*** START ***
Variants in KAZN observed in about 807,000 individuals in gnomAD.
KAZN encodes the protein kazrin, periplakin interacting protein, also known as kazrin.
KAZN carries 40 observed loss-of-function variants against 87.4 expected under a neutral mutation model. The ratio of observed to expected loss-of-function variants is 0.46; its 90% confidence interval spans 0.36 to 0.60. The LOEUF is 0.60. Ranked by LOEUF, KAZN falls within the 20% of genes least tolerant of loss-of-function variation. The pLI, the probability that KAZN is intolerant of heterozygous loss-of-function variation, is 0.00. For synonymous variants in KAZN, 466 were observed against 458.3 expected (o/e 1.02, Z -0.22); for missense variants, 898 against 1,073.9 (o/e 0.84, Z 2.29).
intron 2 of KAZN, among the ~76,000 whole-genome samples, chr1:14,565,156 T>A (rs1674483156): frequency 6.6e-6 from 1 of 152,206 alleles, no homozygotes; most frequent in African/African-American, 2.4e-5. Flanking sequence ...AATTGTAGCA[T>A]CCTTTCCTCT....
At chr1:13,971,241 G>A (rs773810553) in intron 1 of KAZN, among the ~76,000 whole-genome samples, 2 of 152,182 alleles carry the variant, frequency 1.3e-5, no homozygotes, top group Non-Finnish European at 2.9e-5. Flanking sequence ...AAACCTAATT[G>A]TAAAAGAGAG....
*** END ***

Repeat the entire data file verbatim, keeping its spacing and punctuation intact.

Variants in KAZN observed in about 807,000 individuals in gnomAD.
KAZN encodes the protein kazrin, periplakin interacting protein, also known as kazrin.
KAZN carries 40 observed loss-of-function variants against 87.4 expected under a neutral mutation model. The ratio of observed to expected loss-of-function variants is 0.46; its 90% confidence interval spans 0.36 to 0.60. The LOEUF is 0.60. Ranked by LOEUF, KAZN falls within the 20% of genes least tolerant of loss-of-function variation. The pLI, the probability that KAZN is intolerant of heterozygous loss-of-function variation, is 0.00. For synonymous variants in KAZN, 466 were observed against 458.3 expected (o/e 1.02, Z -0.22); for missense variants, 898 against 1,073.9 (o/e 0.84, Z 2.29).
intron 2 of KAZN, among the ~76,000 whole-genome samples, chr1:14,565,156 T>A (rs1674483156): frequency 6.6e-6 from 1 of 152,206 alleles, no homozygotes; most frequent in African/African-American, 2.4e-5. Flanking sequence ...AATTGTAGCA[T>A]CCTTTCCTCT....
At chr1:13,971,241 G>A (rs773810553) in intron 1 of KAZN, among the ~76,000 whole-genome samples, 2 of 152,182 alleles carry the variant, frequency 1.3e-5, no homozygotes, top group Non-Finnish European at 2.9e-5. Flanking sequence ...AAACCTAATT[G>A]TAAAAGAGAG....